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PATS Research Report No.9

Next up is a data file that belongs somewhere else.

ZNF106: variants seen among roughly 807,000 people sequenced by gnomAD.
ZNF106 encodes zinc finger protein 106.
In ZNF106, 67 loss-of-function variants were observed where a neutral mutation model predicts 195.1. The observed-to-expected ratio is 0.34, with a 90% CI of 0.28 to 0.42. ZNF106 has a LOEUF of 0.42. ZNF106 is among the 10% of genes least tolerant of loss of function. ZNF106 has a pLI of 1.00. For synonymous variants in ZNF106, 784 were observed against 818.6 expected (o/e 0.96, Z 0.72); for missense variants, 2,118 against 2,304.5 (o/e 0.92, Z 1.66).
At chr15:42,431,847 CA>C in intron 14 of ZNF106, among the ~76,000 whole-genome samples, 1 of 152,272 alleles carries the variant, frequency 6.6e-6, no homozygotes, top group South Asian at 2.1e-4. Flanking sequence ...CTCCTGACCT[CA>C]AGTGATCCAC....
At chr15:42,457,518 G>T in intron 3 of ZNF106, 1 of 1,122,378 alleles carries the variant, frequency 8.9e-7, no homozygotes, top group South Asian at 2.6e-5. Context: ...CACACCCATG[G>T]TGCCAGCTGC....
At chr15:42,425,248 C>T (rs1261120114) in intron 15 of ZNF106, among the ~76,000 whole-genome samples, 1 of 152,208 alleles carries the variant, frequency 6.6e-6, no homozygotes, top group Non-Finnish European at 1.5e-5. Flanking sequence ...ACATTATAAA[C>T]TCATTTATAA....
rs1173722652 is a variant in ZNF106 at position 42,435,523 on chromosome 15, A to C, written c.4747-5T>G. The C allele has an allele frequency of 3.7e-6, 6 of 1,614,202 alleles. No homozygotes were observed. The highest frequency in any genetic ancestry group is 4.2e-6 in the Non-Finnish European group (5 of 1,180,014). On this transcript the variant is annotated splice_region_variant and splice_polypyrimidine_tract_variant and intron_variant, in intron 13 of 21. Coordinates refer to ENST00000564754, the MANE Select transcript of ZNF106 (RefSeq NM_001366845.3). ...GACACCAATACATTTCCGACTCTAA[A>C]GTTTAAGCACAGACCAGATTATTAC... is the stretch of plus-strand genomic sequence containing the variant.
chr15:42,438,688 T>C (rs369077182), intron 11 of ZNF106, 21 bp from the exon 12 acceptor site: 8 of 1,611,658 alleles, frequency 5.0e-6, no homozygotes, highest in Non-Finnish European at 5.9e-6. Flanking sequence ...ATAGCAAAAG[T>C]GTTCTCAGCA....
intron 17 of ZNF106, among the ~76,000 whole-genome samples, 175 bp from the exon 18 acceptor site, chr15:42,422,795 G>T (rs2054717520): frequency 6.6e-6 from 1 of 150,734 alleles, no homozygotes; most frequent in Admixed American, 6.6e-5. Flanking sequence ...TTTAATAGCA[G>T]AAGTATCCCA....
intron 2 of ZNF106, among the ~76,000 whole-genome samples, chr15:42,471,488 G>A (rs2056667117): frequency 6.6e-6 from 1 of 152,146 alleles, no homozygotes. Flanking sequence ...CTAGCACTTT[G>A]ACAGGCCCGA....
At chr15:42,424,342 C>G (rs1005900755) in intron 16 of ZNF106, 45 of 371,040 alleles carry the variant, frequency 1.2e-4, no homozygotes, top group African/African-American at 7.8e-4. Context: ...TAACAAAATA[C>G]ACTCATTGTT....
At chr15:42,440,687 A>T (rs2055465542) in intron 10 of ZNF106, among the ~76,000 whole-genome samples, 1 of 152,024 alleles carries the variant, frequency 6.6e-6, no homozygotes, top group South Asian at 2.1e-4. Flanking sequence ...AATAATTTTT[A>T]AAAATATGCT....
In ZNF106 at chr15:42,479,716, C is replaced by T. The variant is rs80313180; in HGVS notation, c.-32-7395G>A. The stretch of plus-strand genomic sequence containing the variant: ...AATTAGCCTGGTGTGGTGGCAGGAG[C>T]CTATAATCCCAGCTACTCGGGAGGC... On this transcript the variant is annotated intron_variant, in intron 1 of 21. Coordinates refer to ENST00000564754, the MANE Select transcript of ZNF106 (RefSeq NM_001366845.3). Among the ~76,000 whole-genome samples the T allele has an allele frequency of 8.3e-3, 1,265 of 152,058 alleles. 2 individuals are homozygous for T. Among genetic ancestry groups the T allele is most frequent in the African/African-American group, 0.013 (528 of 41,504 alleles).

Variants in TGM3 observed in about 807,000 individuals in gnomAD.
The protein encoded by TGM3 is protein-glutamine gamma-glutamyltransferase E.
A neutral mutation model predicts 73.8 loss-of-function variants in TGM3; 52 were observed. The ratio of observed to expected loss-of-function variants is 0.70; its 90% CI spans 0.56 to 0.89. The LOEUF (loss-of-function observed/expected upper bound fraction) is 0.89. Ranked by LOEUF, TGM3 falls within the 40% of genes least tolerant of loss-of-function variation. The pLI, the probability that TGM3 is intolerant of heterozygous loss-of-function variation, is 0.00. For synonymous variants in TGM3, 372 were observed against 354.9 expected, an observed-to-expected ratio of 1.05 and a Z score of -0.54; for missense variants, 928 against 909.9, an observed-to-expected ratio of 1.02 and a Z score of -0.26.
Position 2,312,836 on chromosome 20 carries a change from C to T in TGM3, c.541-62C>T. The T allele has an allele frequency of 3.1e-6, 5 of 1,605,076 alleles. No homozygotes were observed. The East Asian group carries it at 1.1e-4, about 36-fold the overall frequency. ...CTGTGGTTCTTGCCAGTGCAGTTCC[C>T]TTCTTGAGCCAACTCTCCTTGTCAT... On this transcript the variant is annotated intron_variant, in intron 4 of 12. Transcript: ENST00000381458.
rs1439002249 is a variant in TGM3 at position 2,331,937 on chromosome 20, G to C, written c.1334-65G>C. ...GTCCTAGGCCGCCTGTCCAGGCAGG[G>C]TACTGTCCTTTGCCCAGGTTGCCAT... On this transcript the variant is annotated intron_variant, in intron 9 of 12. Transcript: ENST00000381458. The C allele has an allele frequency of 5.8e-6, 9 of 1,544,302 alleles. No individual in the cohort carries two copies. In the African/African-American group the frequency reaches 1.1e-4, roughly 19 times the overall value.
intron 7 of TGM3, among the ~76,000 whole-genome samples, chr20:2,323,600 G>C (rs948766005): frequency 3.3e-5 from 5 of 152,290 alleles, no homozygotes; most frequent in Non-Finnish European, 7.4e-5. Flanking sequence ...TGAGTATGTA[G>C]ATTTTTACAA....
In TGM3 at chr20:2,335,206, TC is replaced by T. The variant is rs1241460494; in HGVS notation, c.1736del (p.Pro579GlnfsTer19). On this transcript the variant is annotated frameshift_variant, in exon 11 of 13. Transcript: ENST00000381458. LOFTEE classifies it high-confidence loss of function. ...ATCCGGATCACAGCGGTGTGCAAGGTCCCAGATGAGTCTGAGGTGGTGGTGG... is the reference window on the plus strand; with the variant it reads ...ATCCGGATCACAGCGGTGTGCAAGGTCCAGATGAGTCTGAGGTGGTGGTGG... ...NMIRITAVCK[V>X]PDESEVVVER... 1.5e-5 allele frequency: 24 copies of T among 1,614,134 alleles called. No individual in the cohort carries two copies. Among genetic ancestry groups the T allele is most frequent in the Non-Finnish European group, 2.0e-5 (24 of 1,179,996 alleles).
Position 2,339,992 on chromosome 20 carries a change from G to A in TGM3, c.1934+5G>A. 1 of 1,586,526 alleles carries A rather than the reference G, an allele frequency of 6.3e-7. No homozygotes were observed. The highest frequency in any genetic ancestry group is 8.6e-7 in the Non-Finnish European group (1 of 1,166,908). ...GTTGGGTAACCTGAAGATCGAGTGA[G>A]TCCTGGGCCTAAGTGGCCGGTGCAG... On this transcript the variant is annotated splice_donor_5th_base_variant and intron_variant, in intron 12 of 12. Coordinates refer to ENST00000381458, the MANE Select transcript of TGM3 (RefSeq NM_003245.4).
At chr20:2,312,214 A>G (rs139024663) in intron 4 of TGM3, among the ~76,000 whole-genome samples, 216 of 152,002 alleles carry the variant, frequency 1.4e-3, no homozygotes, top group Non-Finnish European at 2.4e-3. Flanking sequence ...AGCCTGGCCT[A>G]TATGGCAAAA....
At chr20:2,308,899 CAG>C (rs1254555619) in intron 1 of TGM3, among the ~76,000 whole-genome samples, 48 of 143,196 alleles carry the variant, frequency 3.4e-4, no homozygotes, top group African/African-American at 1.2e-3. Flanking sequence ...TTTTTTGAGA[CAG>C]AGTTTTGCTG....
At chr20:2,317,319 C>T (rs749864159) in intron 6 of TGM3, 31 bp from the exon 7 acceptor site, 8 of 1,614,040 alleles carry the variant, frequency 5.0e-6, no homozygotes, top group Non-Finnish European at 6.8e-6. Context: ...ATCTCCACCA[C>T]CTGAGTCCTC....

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Seven years have passed since the U.S. government approved the commercial use of recombinant bovine somatotropin (rBST), a synthetic relative of a naturally-occurring growth hormone that stimulates milk production in cows. Prior to approval, national controversy over rBST, more popularly known as BGH (bovine growth hormone), raged for almost a decade (Barham, 1996). Opponents and proponents alike envisioned rBST as a juggernaut technology, one that would change the dairy industry in dramatic ways, first and foremost by substantially raising herd productivity and overall milk production and then perhaps by driving away consumers from dairy products. With these concerns in mind, opponents also believed that rBST’s effects would drive tens of thousands of (smaller-scale) dairy farmers out of business by both depressing milk prices and rendering small-scale producers less competitive. Meanwhile, proponents hailed the technology as a valuable management tool for improving herd performance and the efficiency of dairy farms of any scale. At the peak of the controversy, the U.S. Congress debated whether to overturn the Food and Drug Administration’s approval, and the Senate demanded a special, full-length report by the Office of Management and Budget (1994) assessing the potential impacts of rBST on the U.S. dairy industry and society. Given the intensity of the debate in the early 1990s, it is noteworthy that rBST’s seventh anniversary as a commercial product passed with hardly a mention from any of the erstwhile protagonists, even in Wisconsin which had been at the center of the national tempest. These “after-the-storm” conditions reflect the fact that markets and regulations shaping rBST use have been relatively stable for several years now, with most demand-side uncertainties surrounding U.S. consumer reaction largely dissipated, at least for the time being. Instead of chaos and disruption, what emerged quickly in Wisconsin, and in some other major dairy producing states (including California and Minnesota), were segmented markets for fluid milk as well as for some processed products (cheeses, soft products, etc.). These market niches have held steady or perhaps receded in certain instances. Generally, retailers and processors, respectively, use signs above the dairy case and product labels to signal to consumers the availability of dairy products from cows not treated with rBST. For dairy farmers, this marketplace stability means that rBST adoption decisions are now probably based on their own adoption preferences, production strategies, other farm-level factors, and the local presence (or lack of) segmented markets for dairy products rather than uncertainties about consumer reaction.